By Taylor Robertson
Video Game Reviews
9:30 AM EDT, September 30, 2013
Fellow "Civilization V" fanatics rejoice! Firaxis is gracing us with another expansion with even more mechanics for our quest to conquer the world!
In my playthrough of "Sid Meier's Civilization V: Brave New World," I had a preset scenario in which I played as the Moroccan Empire. Adding to familiar victory conditions, Firaxis introduces new "cultural" victories. Now, once your civilization produces a great artist, you can use them to create great work that gets housed in a museum or opera house. For each great work, you get tourism points each turn, similar to how you get culture points. You then use these points to influence other nations, and when you have influenced enough Civs, you can achieve cultural victory. However, cultural victories don't bring much in the way of rewards. If you achieve military victory, you will eventually take over a city, but cultural victories only garner the admiration of a few nearby city-states. There is also a new archaeology mechanic where you research the tech and can then produce archaeologist units to excavate artifacts on the map for cultural or tourism points.
Three social policies have been removed and reworked into the Ideology system. Now, once you reach the Industrial era, you can use social policies to expand upon Freedom, Order or Autocracy ideologies, which are basically religions with more of a focus on financial, scientific and military benefits. For example, while religion allows you to generate happiness based on your people's love of gardens, one of the options in the Freedom ideology allows for an instant 6 militia soldiers. But just like in life, people can never agree on anything, so now there is the World Congress, which is essentially the United Nations. Everyone gets delegates to vote, while the Civ that hosts the World Congress has twice as many. The congress can vote on things like trade embargoes on Civs, establishment of one world religion or ideology, or even bans on certain luxury resources. Ultimately, it allows players a way to cripple the growth of certain Civs and gain advantage without exerting military force.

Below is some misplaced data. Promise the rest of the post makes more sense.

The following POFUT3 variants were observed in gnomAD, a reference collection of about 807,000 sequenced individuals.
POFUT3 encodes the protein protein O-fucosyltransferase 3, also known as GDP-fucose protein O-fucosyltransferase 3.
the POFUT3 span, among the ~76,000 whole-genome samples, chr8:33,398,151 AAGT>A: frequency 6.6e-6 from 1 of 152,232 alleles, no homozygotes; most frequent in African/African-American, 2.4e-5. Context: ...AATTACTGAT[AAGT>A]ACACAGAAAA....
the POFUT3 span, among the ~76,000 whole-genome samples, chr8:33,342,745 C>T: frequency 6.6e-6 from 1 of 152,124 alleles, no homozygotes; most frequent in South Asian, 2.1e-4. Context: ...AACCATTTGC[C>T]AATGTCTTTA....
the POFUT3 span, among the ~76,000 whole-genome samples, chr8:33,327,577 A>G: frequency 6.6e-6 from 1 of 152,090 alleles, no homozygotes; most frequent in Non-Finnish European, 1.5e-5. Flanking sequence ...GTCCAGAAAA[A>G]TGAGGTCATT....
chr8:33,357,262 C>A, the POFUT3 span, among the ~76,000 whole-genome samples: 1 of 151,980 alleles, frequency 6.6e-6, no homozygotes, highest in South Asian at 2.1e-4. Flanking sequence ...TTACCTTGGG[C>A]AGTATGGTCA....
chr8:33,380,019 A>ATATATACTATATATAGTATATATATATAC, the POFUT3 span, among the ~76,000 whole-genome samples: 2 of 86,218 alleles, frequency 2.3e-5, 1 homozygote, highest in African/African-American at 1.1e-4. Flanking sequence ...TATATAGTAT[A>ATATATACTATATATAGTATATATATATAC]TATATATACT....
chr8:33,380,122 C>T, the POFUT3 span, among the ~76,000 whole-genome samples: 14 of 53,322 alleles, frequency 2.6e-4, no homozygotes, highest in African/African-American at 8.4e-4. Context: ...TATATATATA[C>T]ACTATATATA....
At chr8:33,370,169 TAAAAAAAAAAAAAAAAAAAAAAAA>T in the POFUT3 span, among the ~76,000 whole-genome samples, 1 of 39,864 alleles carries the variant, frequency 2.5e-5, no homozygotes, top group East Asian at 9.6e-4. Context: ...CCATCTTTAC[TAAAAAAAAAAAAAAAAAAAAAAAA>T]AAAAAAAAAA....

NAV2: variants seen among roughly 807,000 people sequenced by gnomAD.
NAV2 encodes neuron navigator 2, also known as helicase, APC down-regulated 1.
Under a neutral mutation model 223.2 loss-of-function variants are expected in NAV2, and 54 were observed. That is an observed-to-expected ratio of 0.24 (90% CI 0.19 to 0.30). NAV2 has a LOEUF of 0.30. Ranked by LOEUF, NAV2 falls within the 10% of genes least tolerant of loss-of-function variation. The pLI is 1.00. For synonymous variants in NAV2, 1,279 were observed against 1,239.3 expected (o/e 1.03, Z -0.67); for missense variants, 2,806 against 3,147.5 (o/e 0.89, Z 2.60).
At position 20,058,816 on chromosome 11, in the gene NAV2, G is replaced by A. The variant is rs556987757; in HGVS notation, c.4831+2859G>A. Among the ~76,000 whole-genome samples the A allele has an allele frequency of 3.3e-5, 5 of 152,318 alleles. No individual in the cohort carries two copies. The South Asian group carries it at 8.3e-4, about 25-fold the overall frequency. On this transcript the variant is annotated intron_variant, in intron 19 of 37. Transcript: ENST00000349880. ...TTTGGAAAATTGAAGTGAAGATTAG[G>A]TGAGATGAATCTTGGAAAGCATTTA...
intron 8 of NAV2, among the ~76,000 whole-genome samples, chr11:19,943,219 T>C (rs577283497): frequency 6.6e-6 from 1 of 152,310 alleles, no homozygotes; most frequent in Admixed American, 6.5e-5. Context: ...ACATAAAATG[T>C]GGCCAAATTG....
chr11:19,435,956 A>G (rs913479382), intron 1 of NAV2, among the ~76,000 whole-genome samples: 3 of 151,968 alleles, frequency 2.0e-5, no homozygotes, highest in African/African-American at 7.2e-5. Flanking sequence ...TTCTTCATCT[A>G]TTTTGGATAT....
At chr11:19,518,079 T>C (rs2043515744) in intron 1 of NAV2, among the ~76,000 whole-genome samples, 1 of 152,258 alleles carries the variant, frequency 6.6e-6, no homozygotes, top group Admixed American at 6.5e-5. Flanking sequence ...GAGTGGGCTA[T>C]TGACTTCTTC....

While money doesn't buy happiness, money can buy buildings that make people happy. In "Brave New World," there are more ways to make money: international trade routes. You build a caravan, and then assign them a nearby city to go to. In addition to monetary gain, science is also traded; the more techs the other Civ has, the more science you receive. In addition to the trade of fact, faith is also transferred; the other Civs are influenced by your religious convictions. But be careful not to let a town of wayward souls trade with zealots, less they convert.
"Brave New World" is shaping up to be a welcome expansion to "Civilization V." The new mechanics add plenty of new strategies to a game that I've put so much time into already. I can't wait to try out the full game and take my first step into this "Brave New World."
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